MA Material Culture Studies
Programme Director Dr Roger Doonan
Other core teaching staff;
Material culture lies at the heart of the discipline of archaeology. Material culture is the product of human creativity. It is one of the means through which people engaged within each other and with the social and natural worlds in which they lived – it was integral to their creation as individuals and as communities. It also survives to us in the present – and is the principle means through which we access their past and reconstruct their lifeways, beliefs and behaviour. Our MA in Material Culture Studies provides you with the knowledge and skills needed to carry out investigations of the material dimensions of human social and cultural life. We place a very strong emphasis on the `materiality´ of materials – on finding out what things were made from, on reconstructing the technological and social processes involved in their making, on understanding the implications of their materiality for the worlds in which they operated. The programme is designed to appeal to all those who want to further their understanding and appreciation of the material evidence that is so central to the archaeological endeavour. We have designed specific `pathways´ for those who wish to use the programme as a platform for advanced independent research at doctoral level (Research Track), and for those who wish to use it as training for a future career in archaeology (in museums or archaeological field units, for example) and/or to enhance their existing skills-base (Vocational Track).
The programme offers a range of closely integrated core modules which enable you to develop your experience and understanding of the method and theory of material culture studies. Our focus ranges from earliest prehistory through to the material culture of the present day. Students with interests in specific periods or regions may also specialise in the analysis of ceramics, glass or metals. You will learn to think critically and we will train you in a range of problem solving and analytical skills. There is a strong emphasis on developing your skills and knowledge `in practice´ – we encourage a `hands-on´ approach.
Four core modules provide you with a theoretical and practical introduction to the discipline:
Introduction to Material Culture Studies [15 credits] Offers a critical examination of past and present trends in material culture research; introduces key concepts and outlines the means archaeologists use to investigate the diverse forms of material information they regularly encounter.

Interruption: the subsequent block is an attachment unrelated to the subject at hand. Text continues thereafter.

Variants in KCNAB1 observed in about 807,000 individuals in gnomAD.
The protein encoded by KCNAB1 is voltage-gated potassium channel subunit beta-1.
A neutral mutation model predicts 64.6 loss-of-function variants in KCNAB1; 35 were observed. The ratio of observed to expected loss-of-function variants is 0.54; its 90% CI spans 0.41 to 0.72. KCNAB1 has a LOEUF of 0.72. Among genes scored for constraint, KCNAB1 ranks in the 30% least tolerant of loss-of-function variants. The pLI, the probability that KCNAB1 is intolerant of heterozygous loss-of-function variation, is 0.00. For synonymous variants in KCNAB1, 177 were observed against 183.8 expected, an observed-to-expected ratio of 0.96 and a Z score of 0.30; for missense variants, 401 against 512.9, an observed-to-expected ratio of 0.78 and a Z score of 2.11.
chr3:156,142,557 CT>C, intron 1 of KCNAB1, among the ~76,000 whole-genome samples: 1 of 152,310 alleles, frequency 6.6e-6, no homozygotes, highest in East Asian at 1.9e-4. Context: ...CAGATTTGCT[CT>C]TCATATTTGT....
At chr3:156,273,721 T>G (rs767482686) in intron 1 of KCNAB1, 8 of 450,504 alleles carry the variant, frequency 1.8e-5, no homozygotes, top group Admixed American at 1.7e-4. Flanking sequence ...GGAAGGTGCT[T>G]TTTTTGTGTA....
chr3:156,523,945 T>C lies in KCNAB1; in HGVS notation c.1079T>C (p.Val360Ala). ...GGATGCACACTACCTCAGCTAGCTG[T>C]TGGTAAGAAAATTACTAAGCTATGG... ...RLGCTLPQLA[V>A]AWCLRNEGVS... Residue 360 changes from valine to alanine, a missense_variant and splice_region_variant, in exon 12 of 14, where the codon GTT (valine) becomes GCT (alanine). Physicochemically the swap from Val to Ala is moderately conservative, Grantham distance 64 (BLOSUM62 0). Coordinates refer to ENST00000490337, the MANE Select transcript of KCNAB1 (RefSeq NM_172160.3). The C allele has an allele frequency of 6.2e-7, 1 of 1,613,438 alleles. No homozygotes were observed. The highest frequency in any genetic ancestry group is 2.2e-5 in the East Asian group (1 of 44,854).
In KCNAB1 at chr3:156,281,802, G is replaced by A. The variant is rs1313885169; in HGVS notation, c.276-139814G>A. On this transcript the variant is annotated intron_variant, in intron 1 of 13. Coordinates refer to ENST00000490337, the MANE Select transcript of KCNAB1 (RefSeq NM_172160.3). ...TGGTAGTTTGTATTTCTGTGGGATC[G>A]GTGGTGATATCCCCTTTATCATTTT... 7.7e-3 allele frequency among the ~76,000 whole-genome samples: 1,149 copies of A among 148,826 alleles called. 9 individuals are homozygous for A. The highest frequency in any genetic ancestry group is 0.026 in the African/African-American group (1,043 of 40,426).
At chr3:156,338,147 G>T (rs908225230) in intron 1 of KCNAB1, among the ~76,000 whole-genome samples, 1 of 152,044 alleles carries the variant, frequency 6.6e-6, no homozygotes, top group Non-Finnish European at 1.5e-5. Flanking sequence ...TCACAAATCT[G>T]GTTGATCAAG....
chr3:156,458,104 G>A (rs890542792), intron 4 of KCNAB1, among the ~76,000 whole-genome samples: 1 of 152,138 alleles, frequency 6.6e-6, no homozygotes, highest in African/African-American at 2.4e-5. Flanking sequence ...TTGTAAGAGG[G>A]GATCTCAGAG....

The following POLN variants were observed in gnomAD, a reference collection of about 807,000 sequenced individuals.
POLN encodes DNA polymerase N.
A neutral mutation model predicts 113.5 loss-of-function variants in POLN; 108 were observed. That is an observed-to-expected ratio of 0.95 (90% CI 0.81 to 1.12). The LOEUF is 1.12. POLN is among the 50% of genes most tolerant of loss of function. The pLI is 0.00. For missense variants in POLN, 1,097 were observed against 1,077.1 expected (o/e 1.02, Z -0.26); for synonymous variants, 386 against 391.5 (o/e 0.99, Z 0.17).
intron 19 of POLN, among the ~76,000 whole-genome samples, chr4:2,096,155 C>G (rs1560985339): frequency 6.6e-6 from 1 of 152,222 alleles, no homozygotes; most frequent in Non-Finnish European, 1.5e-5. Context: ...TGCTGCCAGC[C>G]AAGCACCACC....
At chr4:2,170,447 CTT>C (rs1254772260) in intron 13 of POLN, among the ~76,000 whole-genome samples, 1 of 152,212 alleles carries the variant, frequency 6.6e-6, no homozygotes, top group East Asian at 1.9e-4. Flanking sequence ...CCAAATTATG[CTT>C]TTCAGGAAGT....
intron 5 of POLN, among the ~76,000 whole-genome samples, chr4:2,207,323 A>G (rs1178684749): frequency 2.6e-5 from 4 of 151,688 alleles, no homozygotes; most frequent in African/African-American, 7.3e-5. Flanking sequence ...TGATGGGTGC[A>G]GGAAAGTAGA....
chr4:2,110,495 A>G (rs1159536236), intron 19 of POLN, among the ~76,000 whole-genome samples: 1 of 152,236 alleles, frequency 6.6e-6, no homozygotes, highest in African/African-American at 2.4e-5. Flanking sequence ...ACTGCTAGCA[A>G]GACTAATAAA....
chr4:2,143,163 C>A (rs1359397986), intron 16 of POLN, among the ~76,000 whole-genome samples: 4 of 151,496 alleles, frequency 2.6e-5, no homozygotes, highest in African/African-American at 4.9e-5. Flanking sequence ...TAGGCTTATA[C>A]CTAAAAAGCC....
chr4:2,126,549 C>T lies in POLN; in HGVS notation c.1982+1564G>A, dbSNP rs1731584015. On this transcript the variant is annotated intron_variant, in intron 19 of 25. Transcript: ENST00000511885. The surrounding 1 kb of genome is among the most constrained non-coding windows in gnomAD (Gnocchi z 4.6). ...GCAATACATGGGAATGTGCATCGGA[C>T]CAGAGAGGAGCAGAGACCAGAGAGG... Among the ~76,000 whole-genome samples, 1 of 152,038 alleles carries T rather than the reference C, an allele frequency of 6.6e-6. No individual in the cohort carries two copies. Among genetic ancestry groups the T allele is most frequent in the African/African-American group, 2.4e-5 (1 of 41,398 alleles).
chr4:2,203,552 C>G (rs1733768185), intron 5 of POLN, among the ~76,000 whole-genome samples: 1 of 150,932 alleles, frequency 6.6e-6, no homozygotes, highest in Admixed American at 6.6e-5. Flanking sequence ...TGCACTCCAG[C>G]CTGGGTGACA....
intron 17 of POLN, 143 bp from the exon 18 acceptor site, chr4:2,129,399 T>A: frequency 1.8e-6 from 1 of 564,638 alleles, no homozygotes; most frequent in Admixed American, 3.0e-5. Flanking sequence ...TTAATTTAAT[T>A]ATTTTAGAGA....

Archaeology and Ethnography of Production and Consumption [15 credits] Drawing on case studies of a range of materials for basketry to pottery, this module provides a thorough appraisal of the potential of ethnographic and archaeological theory and practice to enhance our understanding of material-aspects of production and consumption.
Practical Approaches to Material Culture [15 credits] Provides a broad understanding of ceramic, glass or metal technologies and the basic steps involved in their manufacture, and includes training in laboratory-based experimentation and replication of archaeological objects.
Assemblage Study [15 credits] Delivers `hands-on´ experience in applying the practical and theoretical skills necessary to investigate, interpret and communicate the results of material culture research. This module involves the in-depth analysis of a coherent material culture assemblage.
You then choose optional modules worth a total of 60 credits. Availability varies from year to year but the following gives a flavour of the kind of specialised modules we will offer;
- Archaeological Practice
- Ethnohistory and Anthropology of Modern Hunter Gatherers
- From the Age of Migrations to the Age of Discovery
- Funerary Archaeology
- Greeks, Romans and ‘Others’ in the Ancient World
- Iron Age Europe
- Palaeolithic Art
- Death and Burial in Anglo-Saxon England
- Material Life and Culture in the Medieval and Early Modern World
- The Archaeology of Neolithic and Bronze Age Britain
- Roman Italy and its Hinterland
- The Archaeology of Classical Athens
- Viking-Age Europe
If you are on the Research Track you finish your programme with a 60 credit dissertation on a subject of your choice. You can use this as a platform for the further study of topics/issues in your doctoral research, or simply to advance your knowledge and understanding of a key topic in archaeology.
If you are on the Vocational Track you undertake a 60 credit work placement of approximately eight weeks duration. This is designed to allow you to work alongside practitioners `in the field´, as well as to get consolidated hands-on experience in a subject/technique of particular interest to you. Placements can be in a commercial, curatorial or academic environment, but must have a specific material culture emphasis.
A good degree (Minimum UK 2:1, US GPA 3.0) in a relevant arts or humanities subject.
For applicants whose first language is not English, IELTS is the preferred test of language. You need an IELTS score of 6.5, with at least 5.5 in all the component tests. If you are unable to sit IELTS, you should take TOEFL. You need iBT 100, with a minimum component score of 23.